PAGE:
3 shocking true crime dramas to stream on Netflix and Apple TV+

Grisly yet gripping, here are three true crime dramas that you really must watch

Dahmer – Monster (Netflix)
(Image credit: Netflix)

Human beings are simple creatures – no matter how much we evolve we still find morbid fascination with crime and death.

Television and movie producers realised this years ago. Every night on every network and platform we are bombarded with shows that fuel this fascination and garner our attention.

The concept of "true crime" seems even more delicious as an entertainment hook. Real people doing real things adds the cherry on the good old murder and mayhem cake... a brutal Battenberg, if you like.

Here then are three great examples of true crime dramas you can watch on the major streaming services.

Baby Reindeer

  • Where: Netflix
  • Stars: Richard Gadd, Jessica Gunning
  • Created by: Richard Gadd

No matter what you think about Netflix, it cannot be denied that now and again the streamer comes up with absolute gold that becomes the zeitgeist.

From Tiger King to Squid Game it is Netflix that seems to most regularly find shows that spark at just the right moment in time. In 2024 it is Baby Reindeer’s turn to shine – for all the right (or wrong) reasons.

Without any kind of spoilers (important in a show like this), Baby Reindeer is a true crime drama based on the real life experiences of UK comedian Richard Gadd. A story of obsession, abuse, loneliness and perceived masculinity that started its life years ago as a one man Edinburgh fringe show now stands as the most viewed programme on all of the Netflix platforms, worldwide.

The word "problematic" is used a lot these days and, in most cases, incorrectly. However, here we do have a case – the antagonist of the show, the stalker "Martha" has been outed very publicly in the last few weeks leading to calls for why this was allowed to happen and for better discretion and safeguarding in the future.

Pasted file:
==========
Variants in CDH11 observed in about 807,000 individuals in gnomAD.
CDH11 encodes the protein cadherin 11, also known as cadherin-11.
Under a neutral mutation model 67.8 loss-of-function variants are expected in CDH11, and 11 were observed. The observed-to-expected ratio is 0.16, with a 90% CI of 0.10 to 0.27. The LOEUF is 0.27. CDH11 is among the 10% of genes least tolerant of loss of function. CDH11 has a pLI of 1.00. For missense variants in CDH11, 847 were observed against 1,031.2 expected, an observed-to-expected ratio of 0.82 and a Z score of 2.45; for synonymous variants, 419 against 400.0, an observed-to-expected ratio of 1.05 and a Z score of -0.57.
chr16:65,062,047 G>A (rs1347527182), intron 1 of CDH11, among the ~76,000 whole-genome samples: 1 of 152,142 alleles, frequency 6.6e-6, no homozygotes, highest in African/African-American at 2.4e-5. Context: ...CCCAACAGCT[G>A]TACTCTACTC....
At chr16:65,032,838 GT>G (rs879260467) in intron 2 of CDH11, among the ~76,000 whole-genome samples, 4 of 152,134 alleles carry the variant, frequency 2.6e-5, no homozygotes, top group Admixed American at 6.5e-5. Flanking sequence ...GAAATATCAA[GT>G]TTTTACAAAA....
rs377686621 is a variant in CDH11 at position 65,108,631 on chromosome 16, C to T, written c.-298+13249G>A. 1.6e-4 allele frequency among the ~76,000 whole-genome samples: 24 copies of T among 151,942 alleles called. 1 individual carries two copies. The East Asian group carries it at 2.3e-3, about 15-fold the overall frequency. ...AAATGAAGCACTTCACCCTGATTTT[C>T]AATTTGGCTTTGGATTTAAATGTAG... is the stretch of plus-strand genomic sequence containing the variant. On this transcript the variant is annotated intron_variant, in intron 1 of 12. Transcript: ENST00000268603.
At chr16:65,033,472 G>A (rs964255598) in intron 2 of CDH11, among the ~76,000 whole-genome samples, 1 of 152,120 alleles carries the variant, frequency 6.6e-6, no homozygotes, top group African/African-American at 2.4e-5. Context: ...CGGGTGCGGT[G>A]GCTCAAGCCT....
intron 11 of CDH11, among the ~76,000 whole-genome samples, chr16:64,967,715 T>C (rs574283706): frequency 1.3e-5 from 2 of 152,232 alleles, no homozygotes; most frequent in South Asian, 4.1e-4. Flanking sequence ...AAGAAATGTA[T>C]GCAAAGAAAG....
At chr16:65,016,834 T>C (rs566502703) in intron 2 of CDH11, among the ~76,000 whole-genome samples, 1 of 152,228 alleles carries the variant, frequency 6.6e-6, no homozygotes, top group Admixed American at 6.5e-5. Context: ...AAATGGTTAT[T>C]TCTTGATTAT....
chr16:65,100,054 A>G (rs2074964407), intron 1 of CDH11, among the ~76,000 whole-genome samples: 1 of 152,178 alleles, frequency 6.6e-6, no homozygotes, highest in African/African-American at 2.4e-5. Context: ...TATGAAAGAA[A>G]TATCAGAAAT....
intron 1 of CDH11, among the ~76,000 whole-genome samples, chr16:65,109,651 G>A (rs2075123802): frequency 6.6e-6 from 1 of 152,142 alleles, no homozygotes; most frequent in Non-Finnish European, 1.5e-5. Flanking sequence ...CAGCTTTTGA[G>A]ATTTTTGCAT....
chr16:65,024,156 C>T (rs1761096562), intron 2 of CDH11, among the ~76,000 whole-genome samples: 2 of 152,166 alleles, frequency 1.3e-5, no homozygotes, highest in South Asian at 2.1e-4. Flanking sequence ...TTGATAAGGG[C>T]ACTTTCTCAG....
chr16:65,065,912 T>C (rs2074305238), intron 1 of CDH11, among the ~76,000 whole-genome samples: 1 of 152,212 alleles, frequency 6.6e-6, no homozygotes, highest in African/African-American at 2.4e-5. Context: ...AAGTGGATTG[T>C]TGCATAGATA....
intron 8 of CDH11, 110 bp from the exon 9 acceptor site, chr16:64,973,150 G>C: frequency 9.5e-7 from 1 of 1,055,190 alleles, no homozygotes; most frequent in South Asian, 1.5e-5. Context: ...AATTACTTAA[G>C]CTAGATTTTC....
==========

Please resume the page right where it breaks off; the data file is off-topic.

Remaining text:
With the huge success of the show it does seem cruel to push someone with clear mental health issues into the spotlight of worldwide public ridicule and scrutiny, no matter what crimes she has committed previously.

Despite this there is no doubt that the show will become a talking point for years to come – a study into trial by media and the importance of protecting those who we seek to gain entertainment from.

Dahmer – Monster: The Jeffrey Dahmer Story

  • Where: Netflix
  • Stars: Evan Peters, Richard Jenkins, Molly Ringwald, Niecy Nash
  • Created by: Ryan Murphy

We are fascinated by serial killers. This sentence alone should give pause and a level of inner contemplation as to the nature of our own personality and moral compass, but the sad truth is that despite what we want to believe about ourselves, we simply are.

Ryan Murphy knows this. From his work with American Horror Story, The Watcher, and Ratched, he has proved time again that he understands perfectly what people want and no matter how divisive or unpalatable, he will bring this to the screen. His ongoing deal with Netflix has seen him rise very quickly to the top of his profession and it seems that there is no end in sight to the success he is having through the streaming giant.

Dahmer - Monster: The Jeffrey Dahmer Story is Murphy’s take on the serial killer genre, with focus on the early 90s killings of 17 young men around the Milwaukee area at the hands of one of the most notorious multiple murders of all time.